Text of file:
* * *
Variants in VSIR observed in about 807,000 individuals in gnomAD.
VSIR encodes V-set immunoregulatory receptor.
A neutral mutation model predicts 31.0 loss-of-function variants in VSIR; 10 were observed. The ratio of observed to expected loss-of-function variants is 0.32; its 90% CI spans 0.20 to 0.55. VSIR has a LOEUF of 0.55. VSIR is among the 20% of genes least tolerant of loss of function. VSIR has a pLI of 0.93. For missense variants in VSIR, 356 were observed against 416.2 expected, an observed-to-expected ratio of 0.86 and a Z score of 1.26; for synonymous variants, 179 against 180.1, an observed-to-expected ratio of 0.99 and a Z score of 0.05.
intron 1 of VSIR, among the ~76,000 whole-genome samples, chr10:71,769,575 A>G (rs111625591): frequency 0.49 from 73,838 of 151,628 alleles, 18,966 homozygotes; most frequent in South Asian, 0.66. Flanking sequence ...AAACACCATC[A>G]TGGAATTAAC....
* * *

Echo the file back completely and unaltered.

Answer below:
Variants in VSIR observed in about 807,000 individuals in gnomAD.
VSIR encodes V-set immunoregulatory receptor.
A neutral mutation model predicts 31.0 loss-of-function variants in VSIR; 10 were observed. The ratio of observed to expected loss-of-function variants is 0.32; its 90% CI spans 0.20 to 0.55. VSIR has a LOEUF of 0.55. VSIR is among the 20% of genes least tolerant of loss of function. VSIR has a pLI of 0.93. For missense variants in VSIR, 356 were observed against 416.2 expected, an observed-to-expected ratio of 0.86 and a Z score of 1.26; for synonymous variants, 179 against 180.1, an observed-to-expected ratio of 0.99 and a Z score of 0.05.
intron 1 of VSIR, among the ~76,000 whole-genome samples, chr10:71,769,575 A>G (rs111625591): frequency 0.49 from 73,838 of 151,628 alleles, 18,966 homozygotes; most frequent in South Asian, 0.66. Flanking sequence ...AAACACCATC[A>G]TGGAATTAAC....